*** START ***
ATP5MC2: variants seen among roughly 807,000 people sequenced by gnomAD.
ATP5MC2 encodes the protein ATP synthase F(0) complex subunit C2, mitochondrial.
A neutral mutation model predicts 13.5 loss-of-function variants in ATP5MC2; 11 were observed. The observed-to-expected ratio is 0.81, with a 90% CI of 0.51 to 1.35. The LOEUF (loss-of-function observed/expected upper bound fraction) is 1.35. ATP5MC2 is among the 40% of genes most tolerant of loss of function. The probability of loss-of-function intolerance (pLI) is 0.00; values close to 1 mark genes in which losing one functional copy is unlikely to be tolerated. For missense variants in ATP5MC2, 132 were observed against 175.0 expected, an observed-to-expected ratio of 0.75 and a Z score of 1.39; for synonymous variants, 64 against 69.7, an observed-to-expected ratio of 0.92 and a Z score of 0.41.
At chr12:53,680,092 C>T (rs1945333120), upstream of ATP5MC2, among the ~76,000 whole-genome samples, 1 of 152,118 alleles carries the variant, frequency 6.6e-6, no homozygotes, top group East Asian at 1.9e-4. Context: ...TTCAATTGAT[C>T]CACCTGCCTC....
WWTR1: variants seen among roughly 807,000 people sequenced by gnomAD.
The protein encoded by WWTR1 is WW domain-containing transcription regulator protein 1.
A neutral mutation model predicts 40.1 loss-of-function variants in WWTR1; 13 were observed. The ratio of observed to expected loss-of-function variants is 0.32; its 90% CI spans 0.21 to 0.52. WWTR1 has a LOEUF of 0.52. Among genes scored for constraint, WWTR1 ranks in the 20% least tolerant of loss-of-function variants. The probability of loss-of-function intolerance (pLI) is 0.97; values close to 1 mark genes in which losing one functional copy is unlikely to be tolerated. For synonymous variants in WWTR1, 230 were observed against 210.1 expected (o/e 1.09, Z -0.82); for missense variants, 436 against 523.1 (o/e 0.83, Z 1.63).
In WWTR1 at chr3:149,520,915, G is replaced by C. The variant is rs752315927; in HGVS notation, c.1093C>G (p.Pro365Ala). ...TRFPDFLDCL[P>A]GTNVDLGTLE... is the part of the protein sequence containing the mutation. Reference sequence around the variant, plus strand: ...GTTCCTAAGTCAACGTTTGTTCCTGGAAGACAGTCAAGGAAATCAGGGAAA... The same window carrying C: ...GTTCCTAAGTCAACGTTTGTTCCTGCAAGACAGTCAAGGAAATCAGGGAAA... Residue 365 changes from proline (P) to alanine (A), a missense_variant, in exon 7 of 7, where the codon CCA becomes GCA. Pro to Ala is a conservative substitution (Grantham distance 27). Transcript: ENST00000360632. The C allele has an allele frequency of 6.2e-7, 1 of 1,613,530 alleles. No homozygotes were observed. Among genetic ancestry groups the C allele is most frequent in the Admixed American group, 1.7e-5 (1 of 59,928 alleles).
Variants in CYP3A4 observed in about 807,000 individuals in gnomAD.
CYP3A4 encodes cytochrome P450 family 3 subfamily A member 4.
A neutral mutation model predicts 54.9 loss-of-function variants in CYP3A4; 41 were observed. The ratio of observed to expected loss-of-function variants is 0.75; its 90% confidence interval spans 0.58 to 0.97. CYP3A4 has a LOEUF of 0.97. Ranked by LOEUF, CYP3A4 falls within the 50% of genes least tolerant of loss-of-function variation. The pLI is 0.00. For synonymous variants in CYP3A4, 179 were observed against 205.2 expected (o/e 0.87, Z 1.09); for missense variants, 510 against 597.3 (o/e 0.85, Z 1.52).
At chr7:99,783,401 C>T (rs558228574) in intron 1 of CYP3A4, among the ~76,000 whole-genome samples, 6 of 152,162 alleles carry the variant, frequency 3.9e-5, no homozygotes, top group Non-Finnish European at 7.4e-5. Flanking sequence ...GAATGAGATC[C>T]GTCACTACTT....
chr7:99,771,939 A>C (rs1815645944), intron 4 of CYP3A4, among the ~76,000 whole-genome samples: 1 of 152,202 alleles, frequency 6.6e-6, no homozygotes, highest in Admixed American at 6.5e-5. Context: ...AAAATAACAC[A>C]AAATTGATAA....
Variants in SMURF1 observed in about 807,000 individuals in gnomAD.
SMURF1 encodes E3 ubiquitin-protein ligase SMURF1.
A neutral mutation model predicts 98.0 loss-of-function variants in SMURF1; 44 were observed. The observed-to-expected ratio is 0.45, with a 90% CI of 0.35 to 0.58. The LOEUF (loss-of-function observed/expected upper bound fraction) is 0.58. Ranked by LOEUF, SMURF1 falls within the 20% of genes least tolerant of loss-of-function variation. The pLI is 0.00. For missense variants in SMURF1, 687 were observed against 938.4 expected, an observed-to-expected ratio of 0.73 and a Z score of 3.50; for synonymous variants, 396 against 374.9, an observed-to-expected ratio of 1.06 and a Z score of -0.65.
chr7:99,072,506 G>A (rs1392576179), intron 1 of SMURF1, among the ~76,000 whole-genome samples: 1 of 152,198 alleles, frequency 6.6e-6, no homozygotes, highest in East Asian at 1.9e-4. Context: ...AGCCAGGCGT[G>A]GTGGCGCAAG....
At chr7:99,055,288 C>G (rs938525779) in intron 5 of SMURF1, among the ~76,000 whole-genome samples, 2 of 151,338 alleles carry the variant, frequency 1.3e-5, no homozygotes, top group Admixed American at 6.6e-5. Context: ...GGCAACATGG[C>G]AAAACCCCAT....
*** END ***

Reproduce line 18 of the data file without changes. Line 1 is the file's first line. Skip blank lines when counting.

At chr7:99,055,288 C>G (rs938525779) in intron 5 of SMURF1, among the ~76,000 whole-genome samples, 2 of 151,338 alleles carry the variant, frequency 1.3e-5, no homozygotes, top group Admixed American at 6.6e-5. Context: ...GGCAACATGG[C>G]AAAACCCCAT....